"Really, Julian, there was nothing to tell about. It was a disagreeable incident altogether, and I considered then, as I have considered since, that it was hardly fair of me to go out with him when I was so certain of my shooting, and it was a hundred to one in my favour. I should never have done it if he had not forced the quarrel upon young Wilmington; for the young fellow must either have gone out, which would have been throwing away his life, or left the service."
"By Jove! Frank," he exclaimed, when his brother brought the story to a conclusion; "you ought to have been a Bow Street runner. I can't think how it all occurred to you. Thinking it over, as I have done hundreds of times, it never once occurred to me that the footprints in the snow might prove that I had set off in pursuit of Markham, and that they would have shown that he was standing behind that tree whence the shot was fired, while I went straight from the road to the place where Faulkner was lying. What a head you have, old fellow!"
"No," she said, "you are not to go, Julian. It is you who saved my life, and it is you who must give me back to papa." A few minutes elapsed, then the door was suddenly thrown open and the count ran in.
While some of the men were engaged at this work, others lowered the second boat, and this, and the one towing behind, were brought round to the side. Julian saw that all the men were armed with cutlasses, and had pistols in their belts. Rapidly the kegs were brought up on deck and lowered into the boat.
"I stood all night with my back to that post. Two fellows with muskets kept guard over me, but even if they hadn't done so I could not have got away, for I was so tightly bound that my limbs were numbed, and the cords felt as if they were red hot. In the morning a number of women brought up faggots. El Chico himself superintended their arrangement, taking care that they were placed in a large enough circle round me that the flames would not touch me; so that, in fact, I should be slowly roasted instead of burned. I looked about in the vague hope one always has that something might occur to save me, and my heart gave a jump when I saw a large body of men coming rapidly down a slope on the other side of the village. They were not our men, I was sure, but I could not see who they were; anyhow there might be someone among them who would interpose to save me from this villain.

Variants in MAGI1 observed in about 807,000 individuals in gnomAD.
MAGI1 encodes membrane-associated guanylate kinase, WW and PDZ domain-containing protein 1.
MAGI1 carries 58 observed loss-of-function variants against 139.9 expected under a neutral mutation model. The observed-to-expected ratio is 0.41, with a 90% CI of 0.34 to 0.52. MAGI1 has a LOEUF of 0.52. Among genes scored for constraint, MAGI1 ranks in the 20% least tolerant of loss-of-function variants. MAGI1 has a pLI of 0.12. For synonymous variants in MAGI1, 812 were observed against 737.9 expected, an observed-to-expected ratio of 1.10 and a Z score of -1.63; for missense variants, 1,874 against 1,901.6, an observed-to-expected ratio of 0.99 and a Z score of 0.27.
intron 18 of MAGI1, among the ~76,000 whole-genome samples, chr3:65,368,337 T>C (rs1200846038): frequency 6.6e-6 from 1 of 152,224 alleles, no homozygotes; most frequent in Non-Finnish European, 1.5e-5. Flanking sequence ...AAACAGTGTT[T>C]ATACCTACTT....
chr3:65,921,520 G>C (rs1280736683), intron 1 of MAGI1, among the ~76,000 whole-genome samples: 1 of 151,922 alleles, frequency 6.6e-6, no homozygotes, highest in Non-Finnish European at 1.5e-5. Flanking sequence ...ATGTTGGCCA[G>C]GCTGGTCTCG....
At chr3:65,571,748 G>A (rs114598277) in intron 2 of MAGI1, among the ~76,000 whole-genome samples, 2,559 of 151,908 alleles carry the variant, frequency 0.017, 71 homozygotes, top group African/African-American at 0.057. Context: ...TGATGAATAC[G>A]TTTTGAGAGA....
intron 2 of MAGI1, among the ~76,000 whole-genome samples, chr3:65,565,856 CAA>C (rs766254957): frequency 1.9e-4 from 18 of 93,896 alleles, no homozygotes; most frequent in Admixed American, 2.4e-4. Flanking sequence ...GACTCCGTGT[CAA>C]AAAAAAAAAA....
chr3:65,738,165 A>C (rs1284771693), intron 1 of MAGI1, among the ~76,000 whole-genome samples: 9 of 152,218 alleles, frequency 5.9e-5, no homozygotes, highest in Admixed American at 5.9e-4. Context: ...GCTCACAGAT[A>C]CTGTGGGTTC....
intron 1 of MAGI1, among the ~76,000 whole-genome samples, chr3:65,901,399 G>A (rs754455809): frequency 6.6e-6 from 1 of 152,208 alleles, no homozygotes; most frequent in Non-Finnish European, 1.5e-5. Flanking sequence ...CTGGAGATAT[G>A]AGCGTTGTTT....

Mr. Faulkner's face was white with rage. "I have a dozen other witnesses," he said hoarsely, "but I have no doubt they will all follow the lead their officer has set them. I shall therefore call no more."
The French infantry took advantage of the attention of the defenders being diverted by this attack, and with a rush stormed the work; the four Russian regiments who held it fought to the last, refusing all offers of quarter, and maintaining a hand-to-hand conflict until annihilated. The Russian artillery, in the works round Gorki, swept the redoubt with their fire, and under its cover the infantry made repeated but vain attacks to recapture it, for their desperate bravery was unavailing against the tremendous artillery fire concentrated upon them, while the French on their part were unable to take advantage of the position they had gained. Napoleon, indeed, would have launched his troops against the works round Gorki, but his generals represented to him that the losses had already been so enormous, that it was doubtful whether he could possibly succeed, and if he did so, it could only be with such further loss as would cripple the army altogether.
"Then we searched farther. Turning over a mound of newly-fallen snow, we found the bodies of the coachman and the nurse. We searched for hours, but could not find that of the child; but as to her fate we had no doubt. She might have run away into the forest, or she might have been devoured by wolves. That she was dead was certain. I left four of the men there. They were to establish themselves in the nearest village, and to continue the search day by day, and to remain there, if necessary, till the spring came and the snow disappeared. I returned here ten days ago with the news that all hope was at an end, and that Stephanie was lost to us for ever. Now, sir, will you tell me how it was that you saved her? You were doubtless with the French army, though how you came to be there is almost as great a puzzle as how Stephanie was saved."
"It was not exactly for taking things easy, but for keeping up the men's spirits. Discipline was getting terribly relaxed, and they were losing their military bearing altogether. A lot of us non-commissioned officers were talking round a fire, and I suggested that we should start marching songs again as we used to do on our way through Germany. It would cheer the men up, get them to march in military order and time, and shorten the road. Ney and some of his staff happened to be within hearing, and he praised the idea much more than it deserved. However, the men took it up, and the effect was excellent. Other regiments followed our example, and there can be no doubt that, for a time, it did have a good effect. Ney reported the business to Napoleon, who issued an order praising the Grenadiers of the Rhone for the example they had set the army, bestowing the Legion of Honour on me, and ordering that henceforth marching songs should be sung throughout the army. However, singing was dropped at Smolensk. After leaving there we were reduced to such a handful that we had not the heart to sing, but it did its work, for I believe that the improvement effected by the singing in the morale of Ney's troops had at least something to do with our being able to keep together, and to lessen the fatigues of those terrible marches.